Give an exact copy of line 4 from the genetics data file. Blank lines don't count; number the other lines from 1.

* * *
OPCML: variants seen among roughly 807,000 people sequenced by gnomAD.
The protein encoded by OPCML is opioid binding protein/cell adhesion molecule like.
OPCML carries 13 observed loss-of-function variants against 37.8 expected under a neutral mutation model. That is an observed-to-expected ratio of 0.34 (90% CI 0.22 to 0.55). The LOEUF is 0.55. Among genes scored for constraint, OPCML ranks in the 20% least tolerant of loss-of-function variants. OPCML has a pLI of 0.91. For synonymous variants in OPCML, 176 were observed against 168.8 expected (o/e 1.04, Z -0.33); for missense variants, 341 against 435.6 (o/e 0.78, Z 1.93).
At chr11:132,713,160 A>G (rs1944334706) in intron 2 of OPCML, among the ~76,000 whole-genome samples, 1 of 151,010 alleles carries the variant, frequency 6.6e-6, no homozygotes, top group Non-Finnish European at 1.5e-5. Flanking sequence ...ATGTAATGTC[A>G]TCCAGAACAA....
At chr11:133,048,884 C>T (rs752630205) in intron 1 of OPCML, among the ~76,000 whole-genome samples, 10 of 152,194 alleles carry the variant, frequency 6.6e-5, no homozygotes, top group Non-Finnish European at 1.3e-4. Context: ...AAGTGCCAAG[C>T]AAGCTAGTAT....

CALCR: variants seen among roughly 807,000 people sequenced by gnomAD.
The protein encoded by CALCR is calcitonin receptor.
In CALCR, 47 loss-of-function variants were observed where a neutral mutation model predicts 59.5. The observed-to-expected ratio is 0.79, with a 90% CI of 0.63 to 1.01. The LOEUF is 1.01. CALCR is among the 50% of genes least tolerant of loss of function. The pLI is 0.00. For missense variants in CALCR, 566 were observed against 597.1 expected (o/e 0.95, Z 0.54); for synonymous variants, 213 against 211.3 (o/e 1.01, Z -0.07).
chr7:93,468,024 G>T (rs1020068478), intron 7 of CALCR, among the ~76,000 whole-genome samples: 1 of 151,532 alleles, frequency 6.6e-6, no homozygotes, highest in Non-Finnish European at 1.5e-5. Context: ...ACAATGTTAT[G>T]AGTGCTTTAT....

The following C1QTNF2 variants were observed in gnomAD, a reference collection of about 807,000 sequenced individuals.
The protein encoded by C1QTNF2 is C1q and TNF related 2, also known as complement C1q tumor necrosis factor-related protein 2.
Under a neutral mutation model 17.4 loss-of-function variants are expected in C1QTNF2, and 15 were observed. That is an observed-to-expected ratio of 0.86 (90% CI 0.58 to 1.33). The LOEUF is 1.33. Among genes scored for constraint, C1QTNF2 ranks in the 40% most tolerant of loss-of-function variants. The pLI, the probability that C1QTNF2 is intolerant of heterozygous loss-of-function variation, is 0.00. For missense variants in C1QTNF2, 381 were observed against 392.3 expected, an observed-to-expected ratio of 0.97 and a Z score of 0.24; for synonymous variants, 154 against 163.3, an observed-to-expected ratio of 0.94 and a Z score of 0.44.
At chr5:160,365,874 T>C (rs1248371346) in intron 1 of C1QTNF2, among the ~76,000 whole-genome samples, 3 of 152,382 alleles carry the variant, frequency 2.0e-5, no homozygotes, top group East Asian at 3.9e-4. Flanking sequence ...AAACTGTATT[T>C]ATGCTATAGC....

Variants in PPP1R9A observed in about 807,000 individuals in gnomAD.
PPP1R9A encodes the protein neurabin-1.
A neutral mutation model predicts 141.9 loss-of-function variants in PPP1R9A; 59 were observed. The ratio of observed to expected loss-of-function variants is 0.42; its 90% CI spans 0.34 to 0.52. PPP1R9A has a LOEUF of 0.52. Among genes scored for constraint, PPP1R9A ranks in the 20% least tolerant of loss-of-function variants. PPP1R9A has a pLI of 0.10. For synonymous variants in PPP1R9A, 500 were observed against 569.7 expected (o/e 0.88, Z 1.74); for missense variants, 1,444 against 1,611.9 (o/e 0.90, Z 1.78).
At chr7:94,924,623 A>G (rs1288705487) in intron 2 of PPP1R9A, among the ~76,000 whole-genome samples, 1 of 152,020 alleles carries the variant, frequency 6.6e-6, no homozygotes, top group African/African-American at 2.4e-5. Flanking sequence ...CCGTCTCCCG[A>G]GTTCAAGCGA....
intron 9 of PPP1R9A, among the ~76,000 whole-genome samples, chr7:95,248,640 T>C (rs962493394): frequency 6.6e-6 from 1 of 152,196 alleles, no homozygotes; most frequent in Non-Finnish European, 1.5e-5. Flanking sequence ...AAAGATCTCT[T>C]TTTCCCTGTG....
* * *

At chr11:132,713,160 A>G (rs1944334706) in intron 2 of OPCML, among the ~76,000 whole-genome samples, 1 of 151,010 alleles carries the variant, frequency 6.6e-6, no homozygotes, top group Non-Finnish European at 1.5e-5. Flanking sequence ...ATGTAATGTC[A>G]TCCAGAACAA....